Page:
Some of Britain's best print creatives explore AR with Adobe’s Project Aero.
Out of the many announcements made at this year's Adobe MAX in LA, one that caught a lot of attention was the showcase of Project Aero, an AR tool so far only available in private beta form and which we had a glimpse of back in June.
At The Future of Emerging Design (below), a MAX event related to the tool, Digital Arts heard artists in residence such as Estella Tse and the UK's own Dan Mumford talk about getting to grips with Aero.
We also heard Adobe's AR head Steffano Corazza wax lyrical about the technology, talking about how it 'lets people share experiences in real time' and that 'AR is a collective hallucination', with Aero being 'more like an instrument than a typewriter.'
The question of where does reality end and art begin was also asked; the more pressing question though is how does this tech feel for artists not used to working with augmented reality?
Speaking with us at the event, Dan Mumford revealed how he'd only started with the tech two months prior, going in to the Aero beta as a complete novice. The London-based artist is famed for his pop culture prints, and fittingly one of his creations using Aero is a poster for 1986 sequel classic Aliens (below), our hero Ripley at the centre of a very Mumfordian clash of neon glows and dense gothic textures.
"It's changed the way I think about how my art is constructed," Dan tells us. "If there's a layer, and there's another layer behind it, I've got make sure that layer has artwork within it. It can't just be an empty space."
"AR is a nice stepping stone as I'm so hard set in that 2D print format," he continues, "so this is me extracting elements from that format into something else. It's a bit like a storybook, hiding things that are then revealed as people go on a journey with the art, looking at everything from all angles."
The Aliens poster Dan showcased came from a pre-MAX Adobe event hosted by the company's senior creative director Russell Brown; as Dan explained, the class revolved around making retro movie posters with Adobe software.
"I made the poster as an example for Russell's class to sort of say to people 'Look what you can do with Aero.' The guys working on this hadn't necessarily thought about the way someone like me might use it, so hopefully I've had a little impact (with that)."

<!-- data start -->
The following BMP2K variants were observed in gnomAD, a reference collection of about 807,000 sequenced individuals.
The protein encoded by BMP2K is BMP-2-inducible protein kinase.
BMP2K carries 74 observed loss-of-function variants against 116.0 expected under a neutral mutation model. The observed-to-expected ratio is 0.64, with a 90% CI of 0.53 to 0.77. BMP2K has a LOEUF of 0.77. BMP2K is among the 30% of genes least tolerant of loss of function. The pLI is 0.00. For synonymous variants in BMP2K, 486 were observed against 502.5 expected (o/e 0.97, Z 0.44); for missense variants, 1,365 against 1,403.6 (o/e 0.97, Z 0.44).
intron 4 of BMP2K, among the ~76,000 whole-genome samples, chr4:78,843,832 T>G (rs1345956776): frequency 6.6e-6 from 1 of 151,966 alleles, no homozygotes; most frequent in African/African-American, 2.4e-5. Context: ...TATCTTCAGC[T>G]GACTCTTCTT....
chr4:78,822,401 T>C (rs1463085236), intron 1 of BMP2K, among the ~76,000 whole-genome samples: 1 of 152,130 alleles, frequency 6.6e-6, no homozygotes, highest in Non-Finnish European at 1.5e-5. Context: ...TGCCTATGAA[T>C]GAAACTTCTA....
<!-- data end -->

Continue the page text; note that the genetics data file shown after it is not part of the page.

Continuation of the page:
Russell Brown seems to have a good eye for British talent, judging by how his event during the MAX conference featured none other than colour and shapes master Supermundane, aka Londoner Rob Lowe.
Rob was at the event in an unusual capacity, singing a cappella ditties about subjects like his actor namesake and curling for Russell's goofball Creativity Power Hour. While at MAX, Rob caught our eye with his own experimentation with Project Aero, making this AR message saying 'Back to the future' in honour of Russell's penchant for dressing up as time travelling movie legend Doc Brown.
For Supermundane, the work above was more of a curious play around; where in his eyes Dan is used to working with layers through his print work, for him it was an altogether new sort of challenge.
“I had to design it in a way that really wasn’t the way I usually do things," Rob explains. "I don't use layers at all, so it was quite weird for me, but I thought if I make the letters out of individual shapes then put them all on individual layers, then it would work."
When asked if that made it even more daunting to create an AR piece, the artist makes a good point on Aero's cross-platform flexibility.
"(Aero) uses layers, and you can export directly from Photoshop into it, so it’s easy to create an AR piece. For me it was just a leap as I don't design with layers; the AR wasn't really the issue."
Project Aero is already available to use in iPhone and iPad iterations, and I got to play around with the software in these forms at an Apple event in Los Angeles. This demonstration was more about showcasing capabilities than artistry, having for users a set of templates like dinosaurs and mushrooms that you could resize and animate with delightful ease.
Interestingly, this version and that used by Dan and Rob is already somewhat out of date, for Adobe have added a brand-spanking new ‘slider' feature to the tech which was showcased during Adobe MAX's inaugural keynote, a presentation that included a walkthrough of one of Dan's designs (below).
At the keynote, the slider was used to dissemble the layers of an Adidas sneaker, each part imploding 'outwards' as it were with annotations detailing products and tidbits.
It's clear that Adobe are hoping for Project Aero to be used by brands as a storytelling tool for products, but judging by what was shown by Dan, Rob and other artists at MAX, there's a lot of opportunity here for artists to make their mark, especially those already working with Photoshop (as an interesting side note, the capability to export PSDs into Aero had only been incorporated a week beforehand, with PNGs being the sole compatible file format prior to that).
Aero is very much a work in progress then, and its future as part of upcoming versions of Creative Cloud could see it fly as long as it's more about artistic 'storybooks' than corporate 'storytelling.' The reputation of Adobe lives and dies by the creative community, after all.
N.B. Project Aero is currently only available in private beta form for some creatives. Sign yourself up here for early access and keep an eye on Digital Arts for news of any widespread launches.